Gerontology is the comprehensive, multi-disciplinary study of aging processes across the life course, middle-aged and older adults, and aging populations. It is a holistic focus on the complex intersection of biological, social, psychological, and economic issues. The multidisciplinary nature of gerontology means that there are a number of sub-fields and associated fields. The field of gerontology is actually quite broad, containing many professionals who focus on various aspects of aging and development. Gerontology is not the same as geriatrics, which is a medical specialty focused on the health care and treatment of older persons. Gerontology is consistent with defining health as holistic physical, mental, and social well-being; not merely the absence of disease.
- The primary outcome of a revised framework for health and wellness in aging is to: Increase the number of adults who are healthy in later life (65+). This includes a focus on providing education to older adults and prevention education for mid-life and earlier life stage individuals.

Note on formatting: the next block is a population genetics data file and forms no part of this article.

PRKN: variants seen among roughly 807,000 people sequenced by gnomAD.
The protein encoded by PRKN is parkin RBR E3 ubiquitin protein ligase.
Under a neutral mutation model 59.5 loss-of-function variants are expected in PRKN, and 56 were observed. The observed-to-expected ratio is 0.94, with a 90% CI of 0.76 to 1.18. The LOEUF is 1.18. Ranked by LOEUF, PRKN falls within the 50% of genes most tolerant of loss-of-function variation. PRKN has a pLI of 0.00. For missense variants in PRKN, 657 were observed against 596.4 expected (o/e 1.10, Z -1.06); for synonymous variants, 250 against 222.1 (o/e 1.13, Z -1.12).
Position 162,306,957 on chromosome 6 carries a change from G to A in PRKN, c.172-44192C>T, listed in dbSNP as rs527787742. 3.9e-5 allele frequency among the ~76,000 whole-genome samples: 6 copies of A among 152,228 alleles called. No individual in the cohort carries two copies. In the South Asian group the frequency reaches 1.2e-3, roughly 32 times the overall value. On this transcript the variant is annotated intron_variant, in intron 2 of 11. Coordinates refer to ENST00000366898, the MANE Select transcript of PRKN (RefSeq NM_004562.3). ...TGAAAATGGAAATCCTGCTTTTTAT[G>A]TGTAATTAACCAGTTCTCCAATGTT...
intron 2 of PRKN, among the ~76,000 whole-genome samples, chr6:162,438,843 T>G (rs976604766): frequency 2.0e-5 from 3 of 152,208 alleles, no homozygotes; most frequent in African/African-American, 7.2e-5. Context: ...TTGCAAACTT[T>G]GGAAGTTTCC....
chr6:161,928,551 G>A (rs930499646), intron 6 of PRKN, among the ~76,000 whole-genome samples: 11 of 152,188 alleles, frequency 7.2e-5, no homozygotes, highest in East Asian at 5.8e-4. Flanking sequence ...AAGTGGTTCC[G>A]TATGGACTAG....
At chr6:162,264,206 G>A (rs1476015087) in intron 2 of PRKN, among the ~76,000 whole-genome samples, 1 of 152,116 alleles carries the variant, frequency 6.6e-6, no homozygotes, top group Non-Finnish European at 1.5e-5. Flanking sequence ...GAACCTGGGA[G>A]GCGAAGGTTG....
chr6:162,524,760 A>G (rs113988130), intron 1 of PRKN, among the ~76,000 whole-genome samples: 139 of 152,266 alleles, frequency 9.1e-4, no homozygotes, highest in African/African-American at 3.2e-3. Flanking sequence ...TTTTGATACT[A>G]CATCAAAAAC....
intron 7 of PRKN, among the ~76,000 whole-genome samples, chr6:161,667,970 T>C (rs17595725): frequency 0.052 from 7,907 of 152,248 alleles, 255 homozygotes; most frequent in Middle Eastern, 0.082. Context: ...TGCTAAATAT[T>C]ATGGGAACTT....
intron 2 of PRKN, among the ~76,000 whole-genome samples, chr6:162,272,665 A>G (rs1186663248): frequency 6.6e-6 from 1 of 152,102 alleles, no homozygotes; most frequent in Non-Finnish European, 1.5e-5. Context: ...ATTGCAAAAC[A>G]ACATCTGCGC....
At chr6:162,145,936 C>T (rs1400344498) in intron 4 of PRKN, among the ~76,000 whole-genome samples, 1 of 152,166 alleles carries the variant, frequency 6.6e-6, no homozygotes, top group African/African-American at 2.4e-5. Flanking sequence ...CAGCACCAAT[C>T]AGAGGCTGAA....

- Life course perspective reflects the intersection of social and historical factors with personal biography and development. A life course perspective recognizes that health and well-being a function of cumulative advantages and disadvantages; early life course decisions, opportunities, and conditions affect later outcomes. Individual choices, opportunities, and social context influence an individual’s health and wellness and life course transitions and trajectories with rippling and/or domino effects.
- Healthy and safe environments suggests a social-ecological perspective with various interacting systems that influence aging in a social context. These include family systems, community and social systems, and cultural and societal systems. It is proposed that these be added to a revised framework for health and wellness in aging.
Download a pdf of “Exploration of Aging in the National Framework for Health and Wellness: The Educator’s View.”